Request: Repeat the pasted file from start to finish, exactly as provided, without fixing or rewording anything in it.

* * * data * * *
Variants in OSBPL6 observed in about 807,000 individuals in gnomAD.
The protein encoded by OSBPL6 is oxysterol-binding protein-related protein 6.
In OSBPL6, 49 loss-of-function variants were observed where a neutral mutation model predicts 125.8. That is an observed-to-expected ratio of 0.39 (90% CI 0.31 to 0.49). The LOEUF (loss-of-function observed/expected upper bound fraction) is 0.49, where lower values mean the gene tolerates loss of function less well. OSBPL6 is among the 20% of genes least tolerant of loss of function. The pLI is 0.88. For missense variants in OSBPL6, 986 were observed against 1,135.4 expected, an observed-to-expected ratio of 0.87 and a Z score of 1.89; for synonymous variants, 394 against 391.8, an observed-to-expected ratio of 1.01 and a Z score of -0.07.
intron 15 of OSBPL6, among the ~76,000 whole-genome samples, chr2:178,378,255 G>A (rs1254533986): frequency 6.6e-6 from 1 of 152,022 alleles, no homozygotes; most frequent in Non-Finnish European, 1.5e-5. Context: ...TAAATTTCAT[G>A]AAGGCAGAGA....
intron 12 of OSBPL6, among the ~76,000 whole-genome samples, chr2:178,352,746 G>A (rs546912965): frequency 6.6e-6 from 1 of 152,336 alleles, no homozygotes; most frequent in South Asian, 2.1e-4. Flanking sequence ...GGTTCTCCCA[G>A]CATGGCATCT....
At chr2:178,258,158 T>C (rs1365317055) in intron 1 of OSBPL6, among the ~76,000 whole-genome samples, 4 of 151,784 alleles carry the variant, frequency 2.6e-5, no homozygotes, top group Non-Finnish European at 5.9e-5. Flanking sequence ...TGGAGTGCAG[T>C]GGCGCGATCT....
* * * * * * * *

Variants in OSBPL6 observed in about 807,000 individuals in gnomAD.
The protein encoded by OSBPL6 is oxysterol-binding protein-related protein 6.
In OSBPL6, 49 loss-of-function variants were observed where a neutral mutation model predicts 125.8. That is an observed-to-expected ratio of 0.39 (90% CI 0.31 to 0.49). The LOEUF (loss-of-function observed/expected upper bound fraction) is 0.49, where lower values mean the gene tolerates loss of function less well. OSBPL6 is among the 20% of genes least tolerant of loss of function. The pLI is 0.88. For missense variants in OSBPL6, 986 were observed against 1,135.4 expected, an observed-to-expected ratio of 0.87 and a Z score of 1.89; for synonymous variants, 394 against 391.8, an observed-to-expected ratio of 1.01 and a Z score of -0.07.
intron 15 of OSBPL6, among the ~76,000 whole-genome samples, chr2:178,378,255 G>A (rs1254533986): frequency 6.6e-6 from 1 of 152,022 alleles, no homozygotes; most frequent in Non-Finnish European, 1.5e-5. Context: ...TAAATTTCAT[G>A]AAGGCAGAGA....
intron 12 of OSBPL6, among the ~76,000 whole-genome samples, chr2:178,352,746 G>A (rs546912965): frequency 6.6e-6 from 1 of 152,336 alleles, no homozygotes; most frequent in South Asian, 2.1e-4. Flanking sequence ...GGTTCTCCCA[G>A]CATGGCATCT....
At chr2:178,258,158 T>C (rs1365317055) in intron 1 of OSBPL6, among the ~76,000 whole-genome samples, 4 of 151,784 alleles carry the variant, frequency 2.6e-5, no homozygotes, top group Non-Finnish European at 5.9e-5. Flanking sequence ...TGGAGTGCAG[T>C]GGCGCGATCT....